What they fail to acknowledge is that some of their victories were counted on the same ballots on which he lost. And since he has such a strong grip on his electorate, of course, they were less likely to trust the system than were the Democrats.
When the afternoon of horrors turned to a marathon night, these weary, traumatized people took their responsibilities seriously, and by 4 a.m. Joe Biden and Kamala Harris were declared the winners.
Although I am not a conspiracy theorist, it seems to me that it was far too easy for the invaders to have access to what should have been considered airtight. They had to have known it was about to go down. There were photos of police officers taking selfies with rioters.
How can we know who to trust to serve and protect our elected officials, including our new president and vice president?
What worries me is what could have happened if there was no intervention by the National Guard who had to be activated by D.C. Mayor Muriel Bowser.
What also causes consternation is that on any given day, I may cross paths with people who were there. I know for certain that buses, arranged for by a local businessman ferried people from Bucks County, Pennsylvania to D.C.. These are my neighbors, those I may see strolling down the street in my small town, or in a supermarket checkout line, or at the post office.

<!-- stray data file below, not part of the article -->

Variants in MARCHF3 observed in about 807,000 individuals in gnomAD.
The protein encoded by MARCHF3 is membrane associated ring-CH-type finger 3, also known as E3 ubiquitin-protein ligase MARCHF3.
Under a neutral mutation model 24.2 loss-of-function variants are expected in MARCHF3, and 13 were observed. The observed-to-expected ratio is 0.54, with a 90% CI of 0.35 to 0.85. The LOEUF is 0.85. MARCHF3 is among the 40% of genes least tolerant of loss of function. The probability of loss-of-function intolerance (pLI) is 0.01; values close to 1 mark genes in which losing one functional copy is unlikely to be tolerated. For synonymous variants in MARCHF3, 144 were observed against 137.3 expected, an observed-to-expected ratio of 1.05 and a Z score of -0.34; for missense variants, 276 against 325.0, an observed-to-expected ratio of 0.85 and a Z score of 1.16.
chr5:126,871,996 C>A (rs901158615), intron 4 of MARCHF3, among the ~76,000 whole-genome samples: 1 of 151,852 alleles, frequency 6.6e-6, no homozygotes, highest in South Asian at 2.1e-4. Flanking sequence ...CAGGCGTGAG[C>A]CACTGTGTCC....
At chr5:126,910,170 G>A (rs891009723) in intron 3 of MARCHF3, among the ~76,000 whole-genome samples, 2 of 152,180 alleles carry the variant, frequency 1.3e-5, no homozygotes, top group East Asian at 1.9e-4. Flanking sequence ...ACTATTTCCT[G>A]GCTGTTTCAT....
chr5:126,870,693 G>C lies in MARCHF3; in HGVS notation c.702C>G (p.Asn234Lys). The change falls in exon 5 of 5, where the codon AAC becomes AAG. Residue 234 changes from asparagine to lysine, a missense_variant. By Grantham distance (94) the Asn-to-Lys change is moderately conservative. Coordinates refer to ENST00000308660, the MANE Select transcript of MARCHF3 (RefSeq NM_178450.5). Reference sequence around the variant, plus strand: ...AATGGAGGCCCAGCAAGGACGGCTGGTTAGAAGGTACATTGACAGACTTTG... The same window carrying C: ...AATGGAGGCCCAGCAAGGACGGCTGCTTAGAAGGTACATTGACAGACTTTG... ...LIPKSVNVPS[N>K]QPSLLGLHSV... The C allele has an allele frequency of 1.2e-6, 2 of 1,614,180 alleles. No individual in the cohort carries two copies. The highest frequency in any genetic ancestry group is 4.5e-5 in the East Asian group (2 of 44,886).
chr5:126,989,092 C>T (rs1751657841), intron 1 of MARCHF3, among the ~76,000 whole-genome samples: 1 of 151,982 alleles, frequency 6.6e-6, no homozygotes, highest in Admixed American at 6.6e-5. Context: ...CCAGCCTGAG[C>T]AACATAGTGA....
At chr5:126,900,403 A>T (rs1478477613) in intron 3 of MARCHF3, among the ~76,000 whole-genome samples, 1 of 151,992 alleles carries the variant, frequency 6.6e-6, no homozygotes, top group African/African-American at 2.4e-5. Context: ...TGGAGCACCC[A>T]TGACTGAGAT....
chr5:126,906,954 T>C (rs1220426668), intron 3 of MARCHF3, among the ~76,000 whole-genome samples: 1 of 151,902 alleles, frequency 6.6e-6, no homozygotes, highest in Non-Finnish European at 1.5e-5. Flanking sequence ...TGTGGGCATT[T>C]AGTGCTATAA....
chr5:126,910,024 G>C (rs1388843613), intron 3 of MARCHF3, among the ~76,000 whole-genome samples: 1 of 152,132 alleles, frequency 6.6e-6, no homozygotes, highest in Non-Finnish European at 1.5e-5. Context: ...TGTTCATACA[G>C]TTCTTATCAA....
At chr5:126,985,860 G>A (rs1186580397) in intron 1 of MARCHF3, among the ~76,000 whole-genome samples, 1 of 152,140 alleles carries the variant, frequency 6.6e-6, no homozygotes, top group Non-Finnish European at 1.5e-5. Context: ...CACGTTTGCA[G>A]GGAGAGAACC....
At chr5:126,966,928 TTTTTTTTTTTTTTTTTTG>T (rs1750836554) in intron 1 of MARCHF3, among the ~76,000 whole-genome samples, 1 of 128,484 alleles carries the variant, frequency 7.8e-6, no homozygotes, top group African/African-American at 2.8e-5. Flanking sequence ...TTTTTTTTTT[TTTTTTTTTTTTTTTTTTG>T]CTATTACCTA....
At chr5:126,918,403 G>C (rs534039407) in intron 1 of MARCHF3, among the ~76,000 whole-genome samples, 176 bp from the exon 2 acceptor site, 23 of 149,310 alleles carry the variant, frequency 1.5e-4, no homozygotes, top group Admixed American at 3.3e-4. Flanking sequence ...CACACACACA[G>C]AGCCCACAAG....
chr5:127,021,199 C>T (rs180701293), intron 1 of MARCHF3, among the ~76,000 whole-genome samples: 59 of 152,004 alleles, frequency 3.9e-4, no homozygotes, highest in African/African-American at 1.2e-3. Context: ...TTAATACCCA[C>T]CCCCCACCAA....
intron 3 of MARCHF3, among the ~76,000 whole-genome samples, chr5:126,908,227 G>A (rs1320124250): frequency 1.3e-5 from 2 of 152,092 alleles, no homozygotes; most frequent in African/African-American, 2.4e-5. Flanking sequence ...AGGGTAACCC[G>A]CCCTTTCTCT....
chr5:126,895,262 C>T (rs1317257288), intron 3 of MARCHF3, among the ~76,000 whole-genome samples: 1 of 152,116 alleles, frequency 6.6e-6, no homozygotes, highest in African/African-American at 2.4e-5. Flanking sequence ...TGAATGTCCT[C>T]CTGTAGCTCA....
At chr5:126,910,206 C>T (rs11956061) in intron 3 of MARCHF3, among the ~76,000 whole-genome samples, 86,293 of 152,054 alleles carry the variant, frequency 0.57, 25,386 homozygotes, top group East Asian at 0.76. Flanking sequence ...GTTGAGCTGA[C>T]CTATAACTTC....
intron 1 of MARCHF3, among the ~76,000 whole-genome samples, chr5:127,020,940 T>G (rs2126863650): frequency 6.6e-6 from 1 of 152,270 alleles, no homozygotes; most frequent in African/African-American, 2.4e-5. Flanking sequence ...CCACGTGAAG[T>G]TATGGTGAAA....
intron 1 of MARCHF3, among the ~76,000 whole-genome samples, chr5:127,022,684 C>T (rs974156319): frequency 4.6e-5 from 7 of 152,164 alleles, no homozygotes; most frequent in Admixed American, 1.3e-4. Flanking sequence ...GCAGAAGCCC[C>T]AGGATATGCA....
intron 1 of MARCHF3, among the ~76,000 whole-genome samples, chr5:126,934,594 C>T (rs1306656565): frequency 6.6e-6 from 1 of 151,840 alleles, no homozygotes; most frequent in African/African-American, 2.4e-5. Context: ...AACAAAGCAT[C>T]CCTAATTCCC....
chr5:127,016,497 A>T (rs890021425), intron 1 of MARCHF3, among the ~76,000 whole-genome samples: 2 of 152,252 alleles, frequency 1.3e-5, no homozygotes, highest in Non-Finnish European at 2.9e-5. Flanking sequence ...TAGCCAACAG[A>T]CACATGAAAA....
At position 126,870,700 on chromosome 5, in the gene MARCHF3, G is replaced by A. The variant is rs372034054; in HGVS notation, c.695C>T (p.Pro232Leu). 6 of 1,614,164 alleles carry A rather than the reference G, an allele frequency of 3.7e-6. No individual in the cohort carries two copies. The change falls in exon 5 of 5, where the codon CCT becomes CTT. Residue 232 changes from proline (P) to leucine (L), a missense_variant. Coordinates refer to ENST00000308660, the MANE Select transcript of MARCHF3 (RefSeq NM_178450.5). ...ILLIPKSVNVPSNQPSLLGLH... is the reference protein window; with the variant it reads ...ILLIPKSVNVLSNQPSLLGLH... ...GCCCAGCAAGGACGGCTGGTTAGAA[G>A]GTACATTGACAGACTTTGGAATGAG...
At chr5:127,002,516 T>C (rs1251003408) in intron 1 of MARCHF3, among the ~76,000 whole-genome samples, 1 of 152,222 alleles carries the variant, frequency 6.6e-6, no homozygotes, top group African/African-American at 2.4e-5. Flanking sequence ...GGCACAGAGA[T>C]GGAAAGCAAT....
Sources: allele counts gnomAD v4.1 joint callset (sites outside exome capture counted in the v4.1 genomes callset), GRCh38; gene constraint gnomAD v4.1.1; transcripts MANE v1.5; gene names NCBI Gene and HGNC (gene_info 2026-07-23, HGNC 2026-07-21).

In the throes of the horror I was feeling yesterday, I wrote this:
Dear, Trump Supporters:
Are you watching what is going on in D.C. right now? Protestors have stormed the Capitol. Instigated and perpetuated by the man you voted for.
This is what you bought and paid for with your vote. I am furious and frightened. How are you feeling right about now? If invaders from another country were doing this, you friggin’ know you would be all for immediate intervention.
This is terrorism, nothing less.
These are our fellow Americans.
How can we create peace when they are waging war?
The verifying of President-elect Biden’s electoral votes has been halted as everyone is being evacuated. When peaceful protestors were standing up against police violence, this administration unleashed hellfire. Although I am a pacifist, there needs to be a strong response to stop this.
You know that if the majority of the protestors were people of color—this would be a massacre.
“If you tell a big lie and keep repeating it, people will eventually come to believe it.” ~ Joseph Goebbles, Nazi and Reich Minister of Propaganda